The length of the run and then the kind of light you want. The length of the run is important because it can affect the density of the pixels and the power requirements for the strip. Considering you said this is to go under a vanity pretty much any strip will work. I wouldn't expect that to be more than a couple of meters so even strips as dense as COB lights as mentioned by @vitaliy_kh are a option. Then you need to consider placement and Diffuser requirements.

The Led strip technology comes in two main flavors now which are strips without IC's to control segments and addressable strips with IC's that can control individual segments. Generally addressable strips will call out IC's in the type of strip like RGBICWW or just RGBIC while nonaddressable strips would just be RGB or RGBWW. You only need something like pixelblase, or wled, ect if the strip is addressable. Nonaddressable switches can use more basic zigbee/Zwave controllers.

The other aspect is do you want dedicated pixels to provide Warm and cool white light. Simply put if you don't have dedicated warm and cool white pixels some strips really struggle to produce white light. They end up trying to produce the Color temp by mixing the RGB in ways to make it which often isn't great. Your best bet for white lights is to get a strip that has the white color built in. This means to look for a strip that has either a W or WW at the end of the strip type identifier. Contrary to what some say WW does not mean Warm white it is actually a Cool white pixel. The first W generally represents a Warm white pixel is included as that is harder to reproduce without. The second W is for Cool white and isn't as important but can be good if you use that color temp a lot. Sometimes these white pixels are not called out though so research is good to do.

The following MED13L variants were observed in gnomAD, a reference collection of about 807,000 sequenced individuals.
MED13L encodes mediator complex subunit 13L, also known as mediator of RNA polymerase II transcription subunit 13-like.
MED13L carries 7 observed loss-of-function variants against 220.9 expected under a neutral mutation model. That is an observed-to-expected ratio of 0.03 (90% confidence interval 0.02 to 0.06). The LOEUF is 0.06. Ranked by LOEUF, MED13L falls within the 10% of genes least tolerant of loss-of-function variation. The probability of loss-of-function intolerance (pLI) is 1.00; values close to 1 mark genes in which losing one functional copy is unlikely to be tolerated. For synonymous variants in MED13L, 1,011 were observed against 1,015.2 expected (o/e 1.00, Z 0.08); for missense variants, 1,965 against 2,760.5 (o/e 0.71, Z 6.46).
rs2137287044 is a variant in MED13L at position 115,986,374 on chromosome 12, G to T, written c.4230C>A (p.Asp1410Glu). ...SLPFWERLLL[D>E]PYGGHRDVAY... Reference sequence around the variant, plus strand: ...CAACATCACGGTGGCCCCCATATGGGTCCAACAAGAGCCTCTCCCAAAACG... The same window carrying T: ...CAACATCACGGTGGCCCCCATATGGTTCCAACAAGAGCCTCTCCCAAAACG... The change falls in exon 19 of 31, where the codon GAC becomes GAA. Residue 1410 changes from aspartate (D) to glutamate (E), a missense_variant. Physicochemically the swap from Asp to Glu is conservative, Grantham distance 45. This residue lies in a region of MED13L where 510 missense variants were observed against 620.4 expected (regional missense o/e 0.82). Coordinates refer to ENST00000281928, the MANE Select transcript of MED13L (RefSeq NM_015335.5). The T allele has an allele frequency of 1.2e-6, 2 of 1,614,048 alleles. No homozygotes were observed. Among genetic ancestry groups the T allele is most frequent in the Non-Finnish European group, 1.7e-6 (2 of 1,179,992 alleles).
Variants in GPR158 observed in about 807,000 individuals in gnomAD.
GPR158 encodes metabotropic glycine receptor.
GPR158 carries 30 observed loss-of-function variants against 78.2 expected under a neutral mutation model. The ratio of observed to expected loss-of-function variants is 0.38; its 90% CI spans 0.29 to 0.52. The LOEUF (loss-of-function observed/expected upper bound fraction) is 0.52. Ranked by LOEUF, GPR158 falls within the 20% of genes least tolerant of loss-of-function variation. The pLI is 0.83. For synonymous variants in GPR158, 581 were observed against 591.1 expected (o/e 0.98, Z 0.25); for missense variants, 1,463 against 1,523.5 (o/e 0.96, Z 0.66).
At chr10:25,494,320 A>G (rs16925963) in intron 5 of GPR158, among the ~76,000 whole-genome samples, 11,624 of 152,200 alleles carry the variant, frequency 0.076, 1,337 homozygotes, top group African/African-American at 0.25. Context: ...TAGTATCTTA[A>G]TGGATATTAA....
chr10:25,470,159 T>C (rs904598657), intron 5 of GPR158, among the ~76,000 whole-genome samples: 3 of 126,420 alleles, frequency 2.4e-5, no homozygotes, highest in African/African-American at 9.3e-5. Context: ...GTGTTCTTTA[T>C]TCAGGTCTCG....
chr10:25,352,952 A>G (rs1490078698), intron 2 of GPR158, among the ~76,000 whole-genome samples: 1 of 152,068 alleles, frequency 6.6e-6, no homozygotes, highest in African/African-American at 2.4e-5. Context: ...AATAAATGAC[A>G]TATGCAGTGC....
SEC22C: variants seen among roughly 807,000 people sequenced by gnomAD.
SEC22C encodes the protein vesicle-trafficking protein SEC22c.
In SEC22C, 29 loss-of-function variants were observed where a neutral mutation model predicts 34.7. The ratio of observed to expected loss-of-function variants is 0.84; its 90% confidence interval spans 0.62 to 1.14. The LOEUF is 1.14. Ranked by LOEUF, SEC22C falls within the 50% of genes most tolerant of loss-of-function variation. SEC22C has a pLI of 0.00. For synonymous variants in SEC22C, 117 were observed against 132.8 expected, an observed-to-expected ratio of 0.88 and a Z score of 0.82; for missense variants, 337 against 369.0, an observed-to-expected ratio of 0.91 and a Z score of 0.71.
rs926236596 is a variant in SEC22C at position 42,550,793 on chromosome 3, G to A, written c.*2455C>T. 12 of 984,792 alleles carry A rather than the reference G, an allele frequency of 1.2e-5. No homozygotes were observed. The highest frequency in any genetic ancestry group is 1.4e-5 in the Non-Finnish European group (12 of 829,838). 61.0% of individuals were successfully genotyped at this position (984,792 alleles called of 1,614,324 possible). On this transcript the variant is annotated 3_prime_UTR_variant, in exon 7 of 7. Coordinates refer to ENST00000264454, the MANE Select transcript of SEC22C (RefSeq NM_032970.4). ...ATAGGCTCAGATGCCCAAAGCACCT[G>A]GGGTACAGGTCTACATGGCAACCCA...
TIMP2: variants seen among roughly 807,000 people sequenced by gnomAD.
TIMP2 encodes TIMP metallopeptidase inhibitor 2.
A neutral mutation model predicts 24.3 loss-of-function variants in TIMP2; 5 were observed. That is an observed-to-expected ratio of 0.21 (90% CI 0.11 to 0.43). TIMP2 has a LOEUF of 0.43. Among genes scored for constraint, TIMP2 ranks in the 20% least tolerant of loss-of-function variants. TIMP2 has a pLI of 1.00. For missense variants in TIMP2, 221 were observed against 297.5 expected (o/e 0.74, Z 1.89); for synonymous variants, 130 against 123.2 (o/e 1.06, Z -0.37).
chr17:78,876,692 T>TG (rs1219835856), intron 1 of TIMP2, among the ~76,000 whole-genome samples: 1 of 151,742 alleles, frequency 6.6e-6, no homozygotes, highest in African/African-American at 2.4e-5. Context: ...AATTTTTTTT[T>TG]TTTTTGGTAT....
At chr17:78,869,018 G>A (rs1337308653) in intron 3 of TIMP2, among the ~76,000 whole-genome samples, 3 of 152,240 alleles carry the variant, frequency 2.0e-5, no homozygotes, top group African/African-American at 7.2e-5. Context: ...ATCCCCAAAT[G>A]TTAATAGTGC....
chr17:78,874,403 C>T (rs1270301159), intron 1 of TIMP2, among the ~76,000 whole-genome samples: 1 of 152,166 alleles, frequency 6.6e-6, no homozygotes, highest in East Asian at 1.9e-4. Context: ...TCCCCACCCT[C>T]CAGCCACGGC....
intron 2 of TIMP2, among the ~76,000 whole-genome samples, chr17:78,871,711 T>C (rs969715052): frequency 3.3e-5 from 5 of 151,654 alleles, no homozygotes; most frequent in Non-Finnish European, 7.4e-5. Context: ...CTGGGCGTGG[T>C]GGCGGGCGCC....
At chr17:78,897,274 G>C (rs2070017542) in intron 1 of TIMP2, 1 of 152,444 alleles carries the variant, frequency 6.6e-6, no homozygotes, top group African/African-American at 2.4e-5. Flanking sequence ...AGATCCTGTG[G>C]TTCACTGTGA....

The power supply is simply a result of the strip you choose. Simply put once you pick your strip you need to do some math for the power requirements. The strip should tell you want voltage it runs at and then how much amps it will use at max. Then take that number and do the math to figure the size in amps of the power supply to use at most 80% of it's rated capacity and get that. So as an example, if the strip says it will use 12v at 1.5 amp max for the strip then i would get a 12v 2amp power supply. It doesn't really hurt to go larger if you want, it will just cost more money.

The controller is a interesting thing. Prebuilt controllers can be pricey unfortunately. When i was looking at this a while ago and got my Gledopto kit i use in my pantry, most of the cost was the controller and not the strip itself. LED strips don't actually cost that much. For that reason, I don't even think I would consider a nonaddressable setup now. I do think they have gotten a little bit better in price though. There aren't many options either for Zigbee, Zwave. I only know of a few. Things look very interesting with WLED and pixelblaze now, i just haven't tried them yet. It looks like it should be very simple though to simply load them on a ESP32 and control any strip. If you don't use color and just a single-Color temp strip you can probably even get away with just a smart outlet controller.